The major obstacle today was filling up the day before the 6pm start. Mike and I rode the course in the morning and were able to get late checkout from the hotel but that only covered us until noon. We burned some time at the local mall but that was short-lived so we decided to drive to the start and get a good parking spot.

Mike has a Nissan Xterra and since we had an hour and a half still on out hands we folded down the back seats, laid down, threw a movie in the laptop and did some quality relaxing.

It is interesting how much effort we put into a 9-minute effort (8:15 effort if you are super fast). We rode in the morning for 1.5 hours, ate the right food at just the right time and warmed up for another hour…….. for an effort that lasts under 10 minutes. It makes you wonder what would happen if you just did what you wanted to all day, didn’t warm up and just jumped on your bike and hit it full tilt. Would you be 20 seconds slower, 1 minute, faster??? I am curious, but not enough to try it myself………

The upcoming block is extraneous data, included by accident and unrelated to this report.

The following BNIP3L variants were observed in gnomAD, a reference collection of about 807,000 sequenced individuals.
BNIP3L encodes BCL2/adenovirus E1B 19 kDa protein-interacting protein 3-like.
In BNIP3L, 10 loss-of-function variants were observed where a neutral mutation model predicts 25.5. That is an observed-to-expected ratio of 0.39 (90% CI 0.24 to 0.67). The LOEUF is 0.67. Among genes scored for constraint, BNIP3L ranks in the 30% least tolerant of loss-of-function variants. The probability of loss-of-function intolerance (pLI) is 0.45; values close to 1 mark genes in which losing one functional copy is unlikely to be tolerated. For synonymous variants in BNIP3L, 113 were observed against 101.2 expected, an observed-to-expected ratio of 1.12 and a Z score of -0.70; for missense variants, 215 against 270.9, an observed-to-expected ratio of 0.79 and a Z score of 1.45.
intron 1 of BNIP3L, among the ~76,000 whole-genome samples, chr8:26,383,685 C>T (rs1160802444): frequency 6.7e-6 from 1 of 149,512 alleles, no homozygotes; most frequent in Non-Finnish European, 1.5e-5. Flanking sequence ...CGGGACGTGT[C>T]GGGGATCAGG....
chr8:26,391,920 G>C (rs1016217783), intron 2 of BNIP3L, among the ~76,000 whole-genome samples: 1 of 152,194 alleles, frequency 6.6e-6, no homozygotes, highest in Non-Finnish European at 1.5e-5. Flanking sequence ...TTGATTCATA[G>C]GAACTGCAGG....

Tuesday, July 29, 2003

Stage 2

Unbeknownst to me yesterday, my boy Chris Baldwin (Navigators) ended up winning the ITT by 8-seconds over Saturn’s Nathan O’Neil. Before the start of the stage he told me that he was feeling good but I had no idea that he was feeling THAT GOOD. Good on ya, Scooter!

Today was the first "real" stage of the race; the Johnstown Circuit Race, which consisted of 3 laps totaling 75-miles. The race was super aggressive right from the gun but for the first two laps it seemed like everyone was feeling good and wanted in any potential move that might sneak off the front and I was no exception.

I was in a couple of the doomed moves but was feeling good and having a good time participating in the race. I decided to have a whack at the points sprint at the end of the first lap and managed to get 5th. This is OK, not great but the problem is that points only go 4 deep! Dooh!! After the sprint there were about 10 of us that had put a little gap on the rest of the field and 2 guys attacked off the front of us and got a bit of lead fairly easily.

I was thinking about going with them but Chris came up to me and assured me that his team would chase them down and warned me not to burn too many matches. The 2 ended up getting a maximum of 5 minutes and another chase group got a couple minutes as well. Navigators startled to chase too late but still managed to catch the chase group of 5 on the last lap, but were not successful in bringing back the leaders; although at the end the gap was down to a mere 30 seconds.